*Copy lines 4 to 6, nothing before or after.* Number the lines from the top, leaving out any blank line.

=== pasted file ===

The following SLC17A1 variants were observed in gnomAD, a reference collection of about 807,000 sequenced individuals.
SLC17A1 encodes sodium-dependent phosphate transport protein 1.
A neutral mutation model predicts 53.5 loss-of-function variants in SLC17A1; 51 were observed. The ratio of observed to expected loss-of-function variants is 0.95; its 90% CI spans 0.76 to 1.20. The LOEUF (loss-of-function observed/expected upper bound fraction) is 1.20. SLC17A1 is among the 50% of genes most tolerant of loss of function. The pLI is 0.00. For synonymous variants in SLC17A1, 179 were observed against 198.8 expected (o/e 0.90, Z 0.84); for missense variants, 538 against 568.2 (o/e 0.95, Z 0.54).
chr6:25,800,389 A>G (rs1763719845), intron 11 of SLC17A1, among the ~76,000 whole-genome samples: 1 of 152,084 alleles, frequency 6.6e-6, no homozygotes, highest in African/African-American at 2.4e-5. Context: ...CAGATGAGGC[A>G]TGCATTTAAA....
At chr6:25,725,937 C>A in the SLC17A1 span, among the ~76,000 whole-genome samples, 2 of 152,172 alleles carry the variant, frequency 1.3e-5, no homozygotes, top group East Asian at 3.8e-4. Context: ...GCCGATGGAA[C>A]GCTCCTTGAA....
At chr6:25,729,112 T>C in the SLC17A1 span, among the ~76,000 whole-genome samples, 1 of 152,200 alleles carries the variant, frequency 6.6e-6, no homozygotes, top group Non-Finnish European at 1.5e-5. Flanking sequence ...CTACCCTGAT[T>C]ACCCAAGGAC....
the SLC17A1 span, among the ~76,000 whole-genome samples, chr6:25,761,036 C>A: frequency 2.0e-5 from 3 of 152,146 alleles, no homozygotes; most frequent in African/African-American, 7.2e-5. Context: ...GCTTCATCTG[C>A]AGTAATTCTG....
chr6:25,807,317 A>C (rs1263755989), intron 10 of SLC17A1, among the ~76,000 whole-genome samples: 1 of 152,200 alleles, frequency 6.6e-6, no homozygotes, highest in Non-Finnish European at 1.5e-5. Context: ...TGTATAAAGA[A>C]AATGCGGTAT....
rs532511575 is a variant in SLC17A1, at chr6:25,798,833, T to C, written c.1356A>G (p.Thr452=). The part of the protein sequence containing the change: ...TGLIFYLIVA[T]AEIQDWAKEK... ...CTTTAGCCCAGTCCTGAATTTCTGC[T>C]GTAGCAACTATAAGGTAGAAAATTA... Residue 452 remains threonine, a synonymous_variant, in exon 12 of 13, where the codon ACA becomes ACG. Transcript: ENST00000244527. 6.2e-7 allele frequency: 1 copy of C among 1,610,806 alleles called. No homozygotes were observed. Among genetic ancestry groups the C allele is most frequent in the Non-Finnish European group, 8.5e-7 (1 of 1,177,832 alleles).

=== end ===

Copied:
chr6:25,800,389 A>G (rs1763719845), intron 11 of SLC17A1, among the ~76,000 whole-genome samples: 1 of 152,084 alleles, frequency 6.6e-6, no homozygotes, highest in African/African-American at 2.4e-5. Context: ...CAGATGAGGC[A>G]TGCATTTAAA....
At chr6:25,725,937 C>A in the SLC17A1 span, among the ~76,000 whole-genome samples, 2 of 152,172 alleles carry the variant, frequency 1.3e-5, no homozygotes, top group East Asian at 3.8e-4. Context: ...GCCGATGGAA[C>A]GCTCCTTGAA....
At chr6:25,729,112 T>C in the SLC17A1 span, among the ~76,000 whole-genome samples, 1 of 152,200 alleles carries the variant, frequency 6.6e-6, no homozygotes, top group Non-Finnish European at 1.5e-5. Flanking sequence ...CTACCCTGAT[T>C]ACCCAAGGAC....